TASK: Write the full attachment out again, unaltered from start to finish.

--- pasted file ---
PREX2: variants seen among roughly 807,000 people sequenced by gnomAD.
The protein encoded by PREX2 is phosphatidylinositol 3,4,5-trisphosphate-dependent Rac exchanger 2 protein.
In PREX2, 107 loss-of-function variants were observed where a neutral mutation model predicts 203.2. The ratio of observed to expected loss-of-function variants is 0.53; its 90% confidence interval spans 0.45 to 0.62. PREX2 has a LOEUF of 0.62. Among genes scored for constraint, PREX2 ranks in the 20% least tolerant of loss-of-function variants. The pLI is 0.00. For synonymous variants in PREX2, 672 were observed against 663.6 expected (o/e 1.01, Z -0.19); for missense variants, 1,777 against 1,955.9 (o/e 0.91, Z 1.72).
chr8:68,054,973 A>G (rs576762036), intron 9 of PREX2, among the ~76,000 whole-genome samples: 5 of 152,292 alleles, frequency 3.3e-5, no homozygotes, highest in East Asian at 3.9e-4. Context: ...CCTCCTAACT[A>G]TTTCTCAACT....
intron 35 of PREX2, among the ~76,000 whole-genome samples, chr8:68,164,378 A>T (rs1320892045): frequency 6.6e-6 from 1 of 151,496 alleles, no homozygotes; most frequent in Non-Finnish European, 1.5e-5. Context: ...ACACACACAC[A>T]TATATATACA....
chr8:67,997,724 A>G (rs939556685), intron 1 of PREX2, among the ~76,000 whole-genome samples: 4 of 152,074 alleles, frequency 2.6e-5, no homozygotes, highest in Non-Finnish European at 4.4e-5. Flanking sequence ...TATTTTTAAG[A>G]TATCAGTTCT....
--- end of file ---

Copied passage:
PREX2: variants seen among roughly 807,000 people sequenced by gnomAD.
The protein encoded by PREX2 is phosphatidylinositol 3,4,5-trisphosphate-dependent Rac exchanger 2 protein.
In PREX2, 107 loss-of-function variants were observed where a neutral mutation model predicts 203.2. The ratio of observed to expected loss-of-function variants is 0.53; its 90% confidence interval spans 0.45 to 0.62. PREX2 has a LOEUF of 0.62. Among genes scored for constraint, PREX2 ranks in the 20% least tolerant of loss-of-function variants. The pLI is 0.00. For synonymous variants in PREX2, 672 were observed against 663.6 expected (o/e 1.01, Z -0.19); for missense variants, 1,777 against 1,955.9 (o/e 0.91, Z 1.72).
chr8:68,054,973 A>G (rs576762036), intron 9 of PREX2, among the ~76,000 whole-genome samples: 5 of 152,292 alleles, frequency 3.3e-5, no homozygotes, highest in East Asian at 3.9e-4. Context: ...CCTCCTAACT[A>G]TTTCTCAACT....
intron 35 of PREX2, among the ~76,000 whole-genome samples, chr8:68,164,378 A>T (rs1320892045): frequency 6.6e-6 from 1 of 151,496 alleles, no homozygotes; most frequent in Non-Finnish European, 1.5e-5. Context: ...ACACACACAC[A>T]TATATATACA....
chr8:67,997,724 A>G (rs939556685), intron 1 of PREX2, among the ~76,000 whole-genome samples: 4 of 152,074 alleles, frequency 2.6e-5, no homozygotes, highest in Non-Finnish European at 4.4e-5. Flanking sequence ...TATTTTTAAG[A>G]TATCAGTTCT....